I was quite shocked to read that fantasy writer David Eddings died a couple of weeks ago. (Sometimes the internet is just useless for news.) He and his wife, who died in 2007, wrote several books that were absolutely central to my youth and my development as a writer.
The Belgariad and The Malloreon, and above all Belgarath the Sorcerer, were books that I read over and over as an adolescent. I still go back and read bits of Belgarath the Sorcerer every now and then, even though I know almost the entire novel by heart.
Some people may be surprised by this. Eddings is not known as a particularly intellectual writer, and he is certainly no longer fashionable. He himself had no problem admitting that genre fiction is written for money – which is something that I profoundly disagree with. All of his – or their, let’s not forget that his wife co-wrote the books; all of their books use the exact same formula, and most of them are basically thinly disguised rewrites of The Belgariad with less interesting characters. They are, in fact, at times almost unreadable.
But The Belgariad and the books related to it are magical. They have about a trillion serious flaws, which I am much more aware of now than I was when I first read them, but despite that, the books make that subtle leap from being nothing but words to being art. The magic that makes characters like Belgarath work, that makes them real, is all there. Belgarath lives. And that’s still more of an accomplishment than a lot of “serious” fantasy writers can ever hope to achieve.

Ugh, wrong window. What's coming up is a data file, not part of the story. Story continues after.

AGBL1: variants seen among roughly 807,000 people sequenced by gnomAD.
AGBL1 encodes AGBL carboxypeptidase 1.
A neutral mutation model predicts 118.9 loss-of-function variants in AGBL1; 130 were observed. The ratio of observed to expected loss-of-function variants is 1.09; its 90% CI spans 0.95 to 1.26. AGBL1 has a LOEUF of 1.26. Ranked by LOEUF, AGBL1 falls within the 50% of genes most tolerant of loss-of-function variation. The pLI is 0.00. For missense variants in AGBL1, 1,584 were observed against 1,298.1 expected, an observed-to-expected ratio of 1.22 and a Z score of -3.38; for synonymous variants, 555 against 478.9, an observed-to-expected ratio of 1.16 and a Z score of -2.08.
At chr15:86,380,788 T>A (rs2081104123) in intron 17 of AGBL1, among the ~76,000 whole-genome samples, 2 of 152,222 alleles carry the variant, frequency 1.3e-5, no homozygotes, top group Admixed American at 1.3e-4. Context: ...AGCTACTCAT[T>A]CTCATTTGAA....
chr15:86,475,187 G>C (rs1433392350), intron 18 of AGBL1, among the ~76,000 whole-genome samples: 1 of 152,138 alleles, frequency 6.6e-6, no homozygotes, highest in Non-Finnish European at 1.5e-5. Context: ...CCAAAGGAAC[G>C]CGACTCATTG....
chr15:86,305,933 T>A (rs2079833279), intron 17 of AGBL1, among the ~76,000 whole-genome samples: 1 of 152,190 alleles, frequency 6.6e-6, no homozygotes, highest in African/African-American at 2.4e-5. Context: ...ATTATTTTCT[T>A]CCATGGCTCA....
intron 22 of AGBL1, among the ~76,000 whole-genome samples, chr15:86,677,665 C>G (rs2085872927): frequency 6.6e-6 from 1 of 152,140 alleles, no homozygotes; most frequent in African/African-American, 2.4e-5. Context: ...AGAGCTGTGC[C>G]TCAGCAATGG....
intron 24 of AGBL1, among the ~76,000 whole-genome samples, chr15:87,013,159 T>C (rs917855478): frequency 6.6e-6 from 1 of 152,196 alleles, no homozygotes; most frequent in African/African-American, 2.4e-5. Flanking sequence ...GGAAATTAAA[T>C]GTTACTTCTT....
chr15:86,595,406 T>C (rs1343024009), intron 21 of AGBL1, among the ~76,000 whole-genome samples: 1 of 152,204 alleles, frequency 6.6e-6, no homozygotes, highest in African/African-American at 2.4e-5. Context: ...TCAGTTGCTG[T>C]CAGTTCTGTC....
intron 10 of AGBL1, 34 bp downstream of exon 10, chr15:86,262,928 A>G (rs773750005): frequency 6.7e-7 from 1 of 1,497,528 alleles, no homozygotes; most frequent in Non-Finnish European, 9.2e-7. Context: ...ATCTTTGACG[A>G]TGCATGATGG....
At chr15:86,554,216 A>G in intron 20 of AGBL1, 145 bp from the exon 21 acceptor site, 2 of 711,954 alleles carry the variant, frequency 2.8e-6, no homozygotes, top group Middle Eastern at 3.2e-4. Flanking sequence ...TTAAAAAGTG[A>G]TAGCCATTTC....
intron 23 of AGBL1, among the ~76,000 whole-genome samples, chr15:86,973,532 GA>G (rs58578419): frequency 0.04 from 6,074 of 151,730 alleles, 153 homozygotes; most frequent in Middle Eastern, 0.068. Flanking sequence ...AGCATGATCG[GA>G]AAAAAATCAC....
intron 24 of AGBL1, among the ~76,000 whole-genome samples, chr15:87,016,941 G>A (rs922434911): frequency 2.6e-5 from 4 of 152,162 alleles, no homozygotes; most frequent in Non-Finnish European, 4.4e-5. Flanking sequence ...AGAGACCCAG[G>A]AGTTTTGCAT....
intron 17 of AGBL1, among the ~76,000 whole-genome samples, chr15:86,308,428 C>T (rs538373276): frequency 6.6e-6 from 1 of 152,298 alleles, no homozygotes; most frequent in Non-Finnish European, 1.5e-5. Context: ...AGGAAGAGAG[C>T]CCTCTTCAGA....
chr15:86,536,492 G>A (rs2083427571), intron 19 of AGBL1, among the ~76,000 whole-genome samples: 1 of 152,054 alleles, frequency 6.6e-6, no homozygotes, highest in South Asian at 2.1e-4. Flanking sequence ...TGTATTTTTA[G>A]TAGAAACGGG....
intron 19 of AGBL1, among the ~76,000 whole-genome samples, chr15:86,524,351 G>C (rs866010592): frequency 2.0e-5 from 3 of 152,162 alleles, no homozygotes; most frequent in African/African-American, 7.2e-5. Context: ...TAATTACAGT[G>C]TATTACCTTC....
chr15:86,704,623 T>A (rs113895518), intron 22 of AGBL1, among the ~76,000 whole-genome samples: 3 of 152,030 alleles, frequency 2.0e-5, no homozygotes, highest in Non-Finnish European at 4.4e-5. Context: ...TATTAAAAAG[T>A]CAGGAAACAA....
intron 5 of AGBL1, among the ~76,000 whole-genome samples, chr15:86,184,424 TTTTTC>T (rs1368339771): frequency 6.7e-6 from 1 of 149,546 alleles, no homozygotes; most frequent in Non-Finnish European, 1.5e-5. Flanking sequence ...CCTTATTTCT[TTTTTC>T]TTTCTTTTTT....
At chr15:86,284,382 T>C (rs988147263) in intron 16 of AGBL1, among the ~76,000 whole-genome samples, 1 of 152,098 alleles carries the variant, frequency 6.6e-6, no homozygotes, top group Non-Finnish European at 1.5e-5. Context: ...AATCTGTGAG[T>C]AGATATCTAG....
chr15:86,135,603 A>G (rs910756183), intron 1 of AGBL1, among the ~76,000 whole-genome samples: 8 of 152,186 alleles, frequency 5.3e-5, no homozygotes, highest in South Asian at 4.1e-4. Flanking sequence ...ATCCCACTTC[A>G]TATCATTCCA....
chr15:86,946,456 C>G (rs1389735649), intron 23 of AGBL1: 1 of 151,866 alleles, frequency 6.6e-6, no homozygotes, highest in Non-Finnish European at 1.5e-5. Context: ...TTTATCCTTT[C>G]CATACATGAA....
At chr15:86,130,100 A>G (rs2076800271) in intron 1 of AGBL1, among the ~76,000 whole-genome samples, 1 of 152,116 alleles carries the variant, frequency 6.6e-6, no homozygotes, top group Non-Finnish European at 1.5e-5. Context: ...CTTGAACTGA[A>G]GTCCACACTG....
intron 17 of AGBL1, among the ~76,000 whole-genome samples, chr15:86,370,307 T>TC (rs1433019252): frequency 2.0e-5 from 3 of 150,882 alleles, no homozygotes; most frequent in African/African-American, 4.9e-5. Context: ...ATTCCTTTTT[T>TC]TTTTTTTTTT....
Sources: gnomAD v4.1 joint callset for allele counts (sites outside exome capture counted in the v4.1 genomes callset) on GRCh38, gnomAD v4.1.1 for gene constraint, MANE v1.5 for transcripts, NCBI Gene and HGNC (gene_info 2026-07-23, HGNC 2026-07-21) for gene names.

What is also incredibly important is the sheer delight in language that is present in these books. Unlike some writers (such as the dreadful and dreadfully pretentious R. Scott Bakker) who try to impress us with all the words that they know, David and Leigh Eddings impressed me with how they used words to delight and amuse. They used words to make me laugh out loud, and every now and then they used them to make a shiver run down my spine. And I can’t stress enough what a positive influence all of that was – not the style, not the content, but the love of language that their books carried. For that, I owe them a debt of gratitude.
Also, at the end of The Rivan Codex, David Eddings tells people to go read Lord Dunsany. I did, and I don’t think I could be the writer I am without that. Come to think of it, even the concept for my novel was born somewhere in the interaction between Belgarath the Sorcerer and The Book of Wonder.
David and Leigh Eddings left the world better than they found it. It’s not bad for an epitaph. And if there are worlds out there beyond death, then may David and Leigh bring joy and laughter and wonderfully sarcastic dialogue to them, too.